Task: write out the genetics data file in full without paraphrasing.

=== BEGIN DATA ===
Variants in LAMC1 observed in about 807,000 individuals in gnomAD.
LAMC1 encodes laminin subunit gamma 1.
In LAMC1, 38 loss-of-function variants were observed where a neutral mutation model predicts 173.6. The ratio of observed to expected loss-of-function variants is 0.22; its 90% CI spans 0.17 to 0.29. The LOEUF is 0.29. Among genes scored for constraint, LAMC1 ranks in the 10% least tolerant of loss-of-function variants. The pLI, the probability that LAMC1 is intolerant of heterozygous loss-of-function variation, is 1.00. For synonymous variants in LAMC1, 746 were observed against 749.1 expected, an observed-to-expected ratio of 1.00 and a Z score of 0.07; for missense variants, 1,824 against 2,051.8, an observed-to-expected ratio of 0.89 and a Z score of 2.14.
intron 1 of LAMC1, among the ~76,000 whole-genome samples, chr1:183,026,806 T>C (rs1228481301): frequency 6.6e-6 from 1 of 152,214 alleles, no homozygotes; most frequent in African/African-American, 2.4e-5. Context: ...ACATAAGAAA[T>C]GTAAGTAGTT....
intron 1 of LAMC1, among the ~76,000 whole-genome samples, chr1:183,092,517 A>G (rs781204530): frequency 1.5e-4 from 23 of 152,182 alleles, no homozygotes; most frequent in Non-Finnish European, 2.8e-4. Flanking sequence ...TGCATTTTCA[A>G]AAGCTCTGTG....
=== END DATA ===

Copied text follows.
Variants in LAMC1 observed in about 807,000 individuals in gnomAD.
LAMC1 encodes laminin subunit gamma 1.
In LAMC1, 38 loss-of-function variants were observed where a neutral mutation model predicts 173.6. The ratio of observed to expected loss-of-function variants is 0.22; its 90% CI spans 0.17 to 0.29. The LOEUF is 0.29. Among genes scored for constraint, LAMC1 ranks in the 10% least tolerant of loss-of-function variants. The pLI, the probability that LAMC1 is intolerant of heterozygous loss-of-function variation, is 1.00. For synonymous variants in LAMC1, 746 were observed against 749.1 expected, an observed-to-expected ratio of 1.00 and a Z score of 0.07; for missense variants, 1,824 against 2,051.8, an observed-to-expected ratio of 0.89 and a Z score of 2.14.
intron 1 of LAMC1, among the ~76,000 whole-genome samples, chr1:183,026,806 T>C (rs1228481301): frequency 6.6e-6 from 1 of 152,214 alleles, no homozygotes; most frequent in African/African-American, 2.4e-5. Context: ...ACATAAGAAA[T>C]GTAAGTAGTT....
intron 1 of LAMC1, among the ~76,000 whole-genome samples, chr1:183,092,517 A>G (rs781204530): frequency 1.5e-4 from 23 of 152,182 alleles, no homozygotes; most frequent in Non-Finnish European, 2.8e-4. Flanking sequence ...TGCATTTTCA[A>G]AAGCTCTGTG....